Last week the American armed forces attacked a Syrian branch of al Qaeda which went by the name Khorasan. If you read around the web you’ll be informed that the term, a geographic one referring to the lands of Islam’s east, along the fringes of Persia, Central Asia, and western South Asia, is freighted with historical resonance for jihadis whose ideology is strongly inflected by a romantic vision of Islam’s past. By coincidence over the past few weeks I’ve been reading Lost Enlightenment, a book which chronicles Central Asia’s contribution to early Islamic civilization, and therefore a story in which Khorasan looms very large. Of course you don’t need a book length treatment on an obscure historical topic (though I would argue Central Asian shouldn’t be obscure, it is) to understand why Khorasan is important in the imaginations of jihadis. To keep it succinct, though Salafis and their fellow travelers idealize the period of the Rashidun caliphs which ended ~660 A.D., the real historical basis of their movement in terms of an idealized period which is not mythological is that of the early Abbasids, after 750 A.D., and especially 800 A.D. And it is under the Abbasids that the motor engine of Islamic civilization shifted to the east, to Khorasan, the source of the armies which fueled their initial victories, and later of the soldiers and intellectuals who solidified their regime. Though Baghdad was the capital of the Abbasid Caliphate, the tendrils of influence and power always led back to the east so long as the polity was vigorous.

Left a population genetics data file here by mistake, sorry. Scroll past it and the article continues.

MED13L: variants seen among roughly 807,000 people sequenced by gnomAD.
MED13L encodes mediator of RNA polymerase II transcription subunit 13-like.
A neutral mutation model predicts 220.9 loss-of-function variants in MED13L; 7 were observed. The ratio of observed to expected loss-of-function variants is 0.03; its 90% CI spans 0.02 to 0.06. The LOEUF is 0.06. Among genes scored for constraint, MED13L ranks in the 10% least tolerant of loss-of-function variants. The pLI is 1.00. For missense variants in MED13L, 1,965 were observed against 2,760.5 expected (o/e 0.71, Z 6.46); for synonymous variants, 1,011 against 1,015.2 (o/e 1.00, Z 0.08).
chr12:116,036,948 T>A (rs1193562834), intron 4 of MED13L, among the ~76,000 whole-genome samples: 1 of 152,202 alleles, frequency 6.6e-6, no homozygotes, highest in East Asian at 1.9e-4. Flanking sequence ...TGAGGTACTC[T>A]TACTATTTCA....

These extremist Islamic sects and movements always seem to deal in mythology and the legends of their own past. Though much of the fabric of their reality is fiction, there is often a thin scaffold of historical basis which serves as a skeleton around the narrative. I am not sure how critical it is to understand this scaffold, but it probably wouldn’t hurt. To some extent these radicals seem to speak in an inadvertent code, in that Western audiences as totally lacking in the historical consciousness that is necessary to properly interpret and comprehend considered and conscious semantic choices.